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Danita Hartz
An Idaho native, born in small Kellogg, Idaho. Danita picked up the fiddle after watching her older siblings. Since then she's gone on to a degree in music/pedagogy and a master's degree in violin performance. Danita won the National Grand Championship for the third time at the Weiser Old Time Fiddlers' Contest. Hartz is also the first woman ever to win the title. Hartz is the co-owner of Hartz Music in Meridian.

1998, 2000, 2001 Grand National Fiddle Champion - Weiser, ID
1990, 1994, 1996 Grand Masters Fiddle Champion - Nashville, TN
1991 - 1992 SPGBMA National Fiddle Champion - Mountain View, AK
1992 World Series of Fiddling Champion - Langley

Matt Hartz
Born in Idaho, Matt is one of the masters of Texas-style fiddling. He was a long-running champion at Weiser and has collected a closet full of trophies in fiddling competitions. He and his wife Danita own Hartz Music in Meridian, Idaho.

1989-1993-1995 Grand Masters Invitational Fiddle Champion - Nashville, TN
1988-1992 Grand National Fiddle Champion - Weiser, ID
1988 World Fiddle Champion - Crockett, TX
1992 Texas State Fiddle Champion - Hallettsville, TX

Richard Kriehn-mandolin, violin/fiddle, guitar, bass, viola
Richard Kriehn has been involved with music making from the time he was ten. Whether it's playing bass in a cover band, fiddle in a country band, violin in a symphony or guitar in an acoustic duo, he feels right at home in any situation. When asked, however, his first choice would be mandolin. He started playing the mandolin at the age of ten, and at 19 had won the Buck White International Mandolin Contest. At thirty-five, he still feels he has a lot to learn. Richard moved to Nashville in January of '96, and was fortunate enough to work with Ronna Reeves, 1946, The Nashville Mandolin Ensemble, Aaron Tippin, Michael Peterson, and Travis Tritt. After five years in Nashville, he has come back home to Idaho, joined up with the other fine teachers at Hartz Music in Meridian. When he's not playing or teaching music, he likes to spend time with his wife Danette and their three children…and just maybe, an occasional fly-fishing trip.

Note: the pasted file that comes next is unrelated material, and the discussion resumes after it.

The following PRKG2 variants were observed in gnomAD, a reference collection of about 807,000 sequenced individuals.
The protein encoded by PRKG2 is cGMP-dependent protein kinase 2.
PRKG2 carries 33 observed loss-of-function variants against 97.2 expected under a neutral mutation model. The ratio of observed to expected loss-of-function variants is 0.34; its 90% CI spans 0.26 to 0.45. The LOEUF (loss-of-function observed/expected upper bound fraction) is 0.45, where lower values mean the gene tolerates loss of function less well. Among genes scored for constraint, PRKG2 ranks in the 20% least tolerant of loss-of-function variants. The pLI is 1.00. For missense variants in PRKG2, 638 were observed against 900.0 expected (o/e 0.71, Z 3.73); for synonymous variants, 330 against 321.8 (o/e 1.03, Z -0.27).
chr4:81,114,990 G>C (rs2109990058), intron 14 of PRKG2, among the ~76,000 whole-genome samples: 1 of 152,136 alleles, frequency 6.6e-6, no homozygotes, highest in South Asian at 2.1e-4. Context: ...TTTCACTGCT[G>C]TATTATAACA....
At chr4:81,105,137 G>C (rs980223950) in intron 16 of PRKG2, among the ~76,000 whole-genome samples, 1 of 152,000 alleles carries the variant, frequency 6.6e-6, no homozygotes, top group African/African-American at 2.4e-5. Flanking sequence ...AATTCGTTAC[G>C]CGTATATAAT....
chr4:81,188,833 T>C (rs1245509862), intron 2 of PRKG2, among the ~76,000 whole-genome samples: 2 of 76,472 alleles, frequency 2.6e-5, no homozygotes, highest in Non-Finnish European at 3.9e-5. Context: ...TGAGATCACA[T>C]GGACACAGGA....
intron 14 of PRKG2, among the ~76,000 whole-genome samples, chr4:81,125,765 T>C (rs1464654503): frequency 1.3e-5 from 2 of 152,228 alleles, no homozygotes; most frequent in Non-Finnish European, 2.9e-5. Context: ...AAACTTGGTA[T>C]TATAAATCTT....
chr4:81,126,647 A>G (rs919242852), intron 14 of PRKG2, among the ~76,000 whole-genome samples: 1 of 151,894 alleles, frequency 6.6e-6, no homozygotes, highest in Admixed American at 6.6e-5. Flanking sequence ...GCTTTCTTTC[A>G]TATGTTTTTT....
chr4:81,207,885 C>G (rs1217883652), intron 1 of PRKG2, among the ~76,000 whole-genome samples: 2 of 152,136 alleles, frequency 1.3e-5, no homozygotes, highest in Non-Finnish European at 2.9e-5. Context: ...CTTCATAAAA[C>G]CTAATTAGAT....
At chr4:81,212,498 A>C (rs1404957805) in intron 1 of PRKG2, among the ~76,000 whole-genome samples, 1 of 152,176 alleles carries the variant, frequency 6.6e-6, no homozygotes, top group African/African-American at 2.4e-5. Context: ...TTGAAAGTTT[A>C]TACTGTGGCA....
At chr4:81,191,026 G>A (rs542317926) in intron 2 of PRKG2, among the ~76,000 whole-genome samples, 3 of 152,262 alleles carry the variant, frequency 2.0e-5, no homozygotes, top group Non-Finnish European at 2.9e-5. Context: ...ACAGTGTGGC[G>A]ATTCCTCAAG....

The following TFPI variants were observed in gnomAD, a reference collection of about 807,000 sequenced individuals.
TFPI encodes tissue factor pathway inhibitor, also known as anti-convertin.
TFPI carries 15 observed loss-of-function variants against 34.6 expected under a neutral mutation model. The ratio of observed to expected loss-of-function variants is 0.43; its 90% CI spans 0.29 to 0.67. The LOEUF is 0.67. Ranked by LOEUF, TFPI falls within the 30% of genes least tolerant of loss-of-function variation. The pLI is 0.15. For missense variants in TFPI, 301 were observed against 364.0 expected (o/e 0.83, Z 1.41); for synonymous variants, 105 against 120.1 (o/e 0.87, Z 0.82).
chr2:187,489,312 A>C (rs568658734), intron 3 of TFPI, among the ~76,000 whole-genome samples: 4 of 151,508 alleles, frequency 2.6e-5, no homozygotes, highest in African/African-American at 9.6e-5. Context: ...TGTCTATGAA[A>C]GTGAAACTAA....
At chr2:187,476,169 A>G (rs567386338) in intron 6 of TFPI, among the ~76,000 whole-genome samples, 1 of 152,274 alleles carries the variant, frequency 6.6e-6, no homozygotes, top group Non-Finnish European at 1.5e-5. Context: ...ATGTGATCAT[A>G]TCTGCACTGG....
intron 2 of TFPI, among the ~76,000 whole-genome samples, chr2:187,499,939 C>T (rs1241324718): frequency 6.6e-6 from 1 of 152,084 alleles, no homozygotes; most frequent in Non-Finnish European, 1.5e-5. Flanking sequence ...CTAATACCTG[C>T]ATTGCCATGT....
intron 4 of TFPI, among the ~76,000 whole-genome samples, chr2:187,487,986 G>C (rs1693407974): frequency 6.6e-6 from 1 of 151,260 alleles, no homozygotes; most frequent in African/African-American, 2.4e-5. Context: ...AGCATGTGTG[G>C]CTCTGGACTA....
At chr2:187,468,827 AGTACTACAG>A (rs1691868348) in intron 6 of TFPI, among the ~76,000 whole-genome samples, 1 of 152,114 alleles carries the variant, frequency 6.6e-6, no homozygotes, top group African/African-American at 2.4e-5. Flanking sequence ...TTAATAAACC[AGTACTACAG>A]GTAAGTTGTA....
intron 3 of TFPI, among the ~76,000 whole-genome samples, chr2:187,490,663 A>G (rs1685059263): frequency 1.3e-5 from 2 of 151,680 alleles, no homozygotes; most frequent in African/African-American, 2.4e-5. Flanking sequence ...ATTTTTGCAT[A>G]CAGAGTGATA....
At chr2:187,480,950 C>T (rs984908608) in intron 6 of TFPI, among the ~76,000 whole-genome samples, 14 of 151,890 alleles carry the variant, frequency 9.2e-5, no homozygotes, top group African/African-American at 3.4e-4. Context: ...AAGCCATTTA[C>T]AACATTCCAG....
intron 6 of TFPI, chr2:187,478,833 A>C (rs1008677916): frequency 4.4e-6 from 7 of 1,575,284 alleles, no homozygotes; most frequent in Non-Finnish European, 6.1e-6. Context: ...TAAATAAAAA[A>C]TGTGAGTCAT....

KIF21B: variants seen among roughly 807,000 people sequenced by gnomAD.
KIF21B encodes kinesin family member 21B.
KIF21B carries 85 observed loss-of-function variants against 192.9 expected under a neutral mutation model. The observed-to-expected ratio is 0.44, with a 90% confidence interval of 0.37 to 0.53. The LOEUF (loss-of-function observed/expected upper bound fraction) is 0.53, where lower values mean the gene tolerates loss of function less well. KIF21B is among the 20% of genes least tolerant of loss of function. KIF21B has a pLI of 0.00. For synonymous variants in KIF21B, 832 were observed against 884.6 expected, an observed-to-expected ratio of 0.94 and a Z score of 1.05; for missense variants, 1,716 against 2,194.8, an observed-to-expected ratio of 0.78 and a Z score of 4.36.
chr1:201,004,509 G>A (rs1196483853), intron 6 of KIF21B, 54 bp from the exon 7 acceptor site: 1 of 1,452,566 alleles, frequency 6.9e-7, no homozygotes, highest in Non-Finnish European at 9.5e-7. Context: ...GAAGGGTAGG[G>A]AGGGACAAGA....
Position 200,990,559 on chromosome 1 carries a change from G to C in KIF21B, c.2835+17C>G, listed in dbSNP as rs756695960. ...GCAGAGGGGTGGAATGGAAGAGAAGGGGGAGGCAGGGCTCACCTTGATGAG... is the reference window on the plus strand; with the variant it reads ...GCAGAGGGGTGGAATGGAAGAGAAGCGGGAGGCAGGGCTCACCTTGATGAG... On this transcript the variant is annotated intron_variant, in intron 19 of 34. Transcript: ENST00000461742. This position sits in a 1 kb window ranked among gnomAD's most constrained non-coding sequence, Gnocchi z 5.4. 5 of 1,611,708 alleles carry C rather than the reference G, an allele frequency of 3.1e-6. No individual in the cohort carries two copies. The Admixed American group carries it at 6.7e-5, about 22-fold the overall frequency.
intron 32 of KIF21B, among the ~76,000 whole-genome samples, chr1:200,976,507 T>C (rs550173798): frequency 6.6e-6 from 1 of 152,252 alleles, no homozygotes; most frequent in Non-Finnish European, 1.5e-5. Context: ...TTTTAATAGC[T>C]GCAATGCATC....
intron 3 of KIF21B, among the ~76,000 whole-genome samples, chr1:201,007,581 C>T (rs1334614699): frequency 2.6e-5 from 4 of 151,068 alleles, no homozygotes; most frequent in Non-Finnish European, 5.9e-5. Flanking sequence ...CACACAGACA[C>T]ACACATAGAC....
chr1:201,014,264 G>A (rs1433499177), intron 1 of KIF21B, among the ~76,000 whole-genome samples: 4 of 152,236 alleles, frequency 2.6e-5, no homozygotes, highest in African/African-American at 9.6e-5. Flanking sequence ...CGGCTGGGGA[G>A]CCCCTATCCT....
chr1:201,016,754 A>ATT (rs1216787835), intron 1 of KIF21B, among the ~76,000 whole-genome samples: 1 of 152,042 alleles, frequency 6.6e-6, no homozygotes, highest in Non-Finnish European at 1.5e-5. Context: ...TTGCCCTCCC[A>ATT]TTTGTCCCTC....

Tom Lowe-Electric Guitar, Bass, Keyboard
Tom began playing the piano at age 10, guitar at age 13 and electric bass at age 16. Tom participated in the South Junior High Choir for three years. He is a founding member of the Original Fabulous Chancellors of Boise. Tom graduated from Borah High School in 1962 and enrolled at Boise Junior College. In 1964 the rest of the Chancellors enrolled at Idaho State University in Pocatello while Tom stayed with the music department in Boise studying under Grif Bratt and Jack Best, taking piano and upright bass lessons, singing with the choir and playing percussion in concert band. He graduated in 1968 with a BA in Music, theory and composition option.

After the Chancellors, Tom played dance casuals with most standard jazz musicians in Boise: Paul Helfrick, Louie Ventrella, Bill Rhodonbaugh, Floyd Heaps, Dick McGaorlin, Hank Houst, Dee Tonning, Jim Watkinson.
Tom played one year with George Thomason at 7 Seas in Nampa and the Ranch Club in Garden City six nights/week. He also played with Rand and Betty Hillman in "Current Jam" at 122 in Garden City and 123=Embers in Boise six nights/week for two years. Tom also played with Suzie Arden Show at 122 in Garden City six nights a week for two years.